The extraordinary visionary and USA Today newspaper founder Al Neuharth, the former chairman of the Gannett Newspaper chain who started the nation’s first general interest national newspaper in 1982, has died at age 89.
“As a journalist, I had a wonderful window on the world,” Neuharth wrote in “Plain Talk,” a final column he said should be published in USA TODAY after his death. “For nearly 50 years as a reporter and editor, I tried to tell stories accurately and fairly, without opinion.”
The longtime newspaperman, media executive and columnist died after sustaining injuries in a fall at his home.
Blessed with an unbeatable combination of journalistic genius and boardroom brilliance, Neuharth was a self-described “dreamer and schemer” who helped build Gannett into one of America’s largest media companies.
More importantly, Neuharth championed the careers of women, blacks and other minorities inside Gannett and on its front pages. Against the advisement of his own board of directors, Neuharth gave the nation its first general interest national newspaper in 1982.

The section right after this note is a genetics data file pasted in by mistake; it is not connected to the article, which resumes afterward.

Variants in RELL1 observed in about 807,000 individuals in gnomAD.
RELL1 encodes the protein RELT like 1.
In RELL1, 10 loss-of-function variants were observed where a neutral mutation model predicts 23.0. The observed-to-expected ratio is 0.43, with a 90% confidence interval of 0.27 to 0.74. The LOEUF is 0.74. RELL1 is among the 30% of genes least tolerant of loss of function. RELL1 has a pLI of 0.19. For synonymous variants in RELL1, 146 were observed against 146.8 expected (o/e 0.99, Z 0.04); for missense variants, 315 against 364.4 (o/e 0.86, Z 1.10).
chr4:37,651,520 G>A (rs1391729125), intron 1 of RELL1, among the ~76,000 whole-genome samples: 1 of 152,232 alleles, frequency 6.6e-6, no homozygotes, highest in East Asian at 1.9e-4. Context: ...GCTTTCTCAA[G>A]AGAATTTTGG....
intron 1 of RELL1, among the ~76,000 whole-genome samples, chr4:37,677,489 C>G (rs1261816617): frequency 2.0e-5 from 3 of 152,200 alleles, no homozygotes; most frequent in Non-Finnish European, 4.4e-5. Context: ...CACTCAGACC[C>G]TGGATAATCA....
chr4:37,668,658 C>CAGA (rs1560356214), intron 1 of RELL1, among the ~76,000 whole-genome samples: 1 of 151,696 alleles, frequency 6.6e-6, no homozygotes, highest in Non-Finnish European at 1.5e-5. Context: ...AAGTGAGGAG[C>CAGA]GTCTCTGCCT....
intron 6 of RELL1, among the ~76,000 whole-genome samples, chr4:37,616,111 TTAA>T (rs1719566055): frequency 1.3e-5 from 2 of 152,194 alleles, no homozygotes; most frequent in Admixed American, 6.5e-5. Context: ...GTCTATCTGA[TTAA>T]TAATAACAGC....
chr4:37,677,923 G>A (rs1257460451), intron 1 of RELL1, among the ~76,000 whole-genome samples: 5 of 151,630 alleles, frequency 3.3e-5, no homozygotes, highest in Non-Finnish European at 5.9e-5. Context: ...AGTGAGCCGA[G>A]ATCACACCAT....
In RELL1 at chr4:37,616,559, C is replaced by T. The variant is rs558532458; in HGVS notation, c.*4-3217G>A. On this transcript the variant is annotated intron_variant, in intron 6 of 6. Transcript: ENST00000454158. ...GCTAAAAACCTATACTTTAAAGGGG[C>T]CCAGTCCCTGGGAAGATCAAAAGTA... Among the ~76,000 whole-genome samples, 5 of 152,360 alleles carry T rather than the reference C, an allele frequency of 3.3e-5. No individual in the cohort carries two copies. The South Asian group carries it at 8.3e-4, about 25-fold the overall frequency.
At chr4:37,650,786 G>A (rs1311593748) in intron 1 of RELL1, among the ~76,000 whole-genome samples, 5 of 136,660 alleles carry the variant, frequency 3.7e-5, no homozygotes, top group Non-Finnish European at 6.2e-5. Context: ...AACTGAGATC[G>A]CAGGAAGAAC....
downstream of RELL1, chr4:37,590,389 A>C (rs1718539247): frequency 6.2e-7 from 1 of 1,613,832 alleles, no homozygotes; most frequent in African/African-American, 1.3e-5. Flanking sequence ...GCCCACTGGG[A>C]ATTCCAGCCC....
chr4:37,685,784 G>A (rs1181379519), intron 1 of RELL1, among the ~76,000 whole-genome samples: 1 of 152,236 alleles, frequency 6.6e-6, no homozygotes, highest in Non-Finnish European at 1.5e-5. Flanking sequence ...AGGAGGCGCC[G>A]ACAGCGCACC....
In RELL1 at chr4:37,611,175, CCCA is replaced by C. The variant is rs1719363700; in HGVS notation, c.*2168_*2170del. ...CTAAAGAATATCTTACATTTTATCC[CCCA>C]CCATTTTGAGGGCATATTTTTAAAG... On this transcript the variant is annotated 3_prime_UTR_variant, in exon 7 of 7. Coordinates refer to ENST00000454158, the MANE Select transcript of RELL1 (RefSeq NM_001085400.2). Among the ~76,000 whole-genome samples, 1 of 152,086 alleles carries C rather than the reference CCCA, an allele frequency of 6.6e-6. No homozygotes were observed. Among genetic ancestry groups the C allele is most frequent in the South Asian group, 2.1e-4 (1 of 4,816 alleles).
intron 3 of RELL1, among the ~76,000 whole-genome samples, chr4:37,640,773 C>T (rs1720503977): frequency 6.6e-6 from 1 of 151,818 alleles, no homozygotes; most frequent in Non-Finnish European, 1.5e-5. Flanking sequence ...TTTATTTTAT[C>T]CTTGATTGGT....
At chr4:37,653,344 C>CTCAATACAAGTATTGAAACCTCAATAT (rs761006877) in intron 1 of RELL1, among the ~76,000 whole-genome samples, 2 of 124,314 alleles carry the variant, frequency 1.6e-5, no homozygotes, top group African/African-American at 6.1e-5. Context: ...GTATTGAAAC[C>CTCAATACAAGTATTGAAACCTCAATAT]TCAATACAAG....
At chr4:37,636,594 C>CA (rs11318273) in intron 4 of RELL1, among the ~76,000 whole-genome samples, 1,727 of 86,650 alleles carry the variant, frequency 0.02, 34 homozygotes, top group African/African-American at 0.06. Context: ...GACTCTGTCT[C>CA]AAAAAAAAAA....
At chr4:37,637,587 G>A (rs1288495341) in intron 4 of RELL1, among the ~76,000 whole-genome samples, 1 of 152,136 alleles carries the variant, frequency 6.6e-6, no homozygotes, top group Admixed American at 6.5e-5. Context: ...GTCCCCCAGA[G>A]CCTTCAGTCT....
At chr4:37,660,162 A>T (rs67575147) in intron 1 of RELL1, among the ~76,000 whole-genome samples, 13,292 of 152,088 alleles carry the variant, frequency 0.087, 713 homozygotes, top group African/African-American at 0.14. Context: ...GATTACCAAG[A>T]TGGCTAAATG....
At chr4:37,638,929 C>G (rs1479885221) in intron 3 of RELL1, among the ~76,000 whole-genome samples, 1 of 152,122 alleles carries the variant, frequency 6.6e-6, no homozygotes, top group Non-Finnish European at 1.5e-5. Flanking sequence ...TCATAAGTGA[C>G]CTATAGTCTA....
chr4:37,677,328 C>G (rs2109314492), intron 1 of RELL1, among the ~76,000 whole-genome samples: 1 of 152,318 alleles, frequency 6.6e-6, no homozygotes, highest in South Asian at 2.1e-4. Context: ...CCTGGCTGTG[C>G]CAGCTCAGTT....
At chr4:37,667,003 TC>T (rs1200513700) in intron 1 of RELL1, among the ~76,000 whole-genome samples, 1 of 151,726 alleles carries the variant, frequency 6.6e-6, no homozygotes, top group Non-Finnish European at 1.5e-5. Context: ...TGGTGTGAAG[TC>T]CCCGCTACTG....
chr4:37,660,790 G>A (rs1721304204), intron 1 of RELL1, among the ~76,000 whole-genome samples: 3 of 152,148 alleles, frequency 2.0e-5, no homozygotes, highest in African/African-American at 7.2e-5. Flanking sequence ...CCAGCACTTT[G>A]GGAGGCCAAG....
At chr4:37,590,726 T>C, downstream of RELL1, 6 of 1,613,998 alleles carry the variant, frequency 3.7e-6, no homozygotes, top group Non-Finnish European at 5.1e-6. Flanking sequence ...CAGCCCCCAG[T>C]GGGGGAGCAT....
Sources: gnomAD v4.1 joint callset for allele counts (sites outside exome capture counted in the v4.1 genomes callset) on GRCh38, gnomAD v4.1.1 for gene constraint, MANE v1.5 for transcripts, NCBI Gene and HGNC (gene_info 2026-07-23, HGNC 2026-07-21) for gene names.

Like his controversial and widely-admired contemporary, Ted Turner, who also founded CNN in the 1980s, he changed forever the way news was covered and how it would be presented to the country.
“Al’s passing is a great loss for all of us in the Gannett family,” said Gannett CEO Gracia Martore. “Al was many things — a journalist, a leader, a serial entrepreneur and a pioneer in advancing opportunities for women and minorities. But above all, he was an innovator with a unique sense of the public taste. … I will miss his counsel, and I will miss the man. But as with all great people, what Al built will live on.”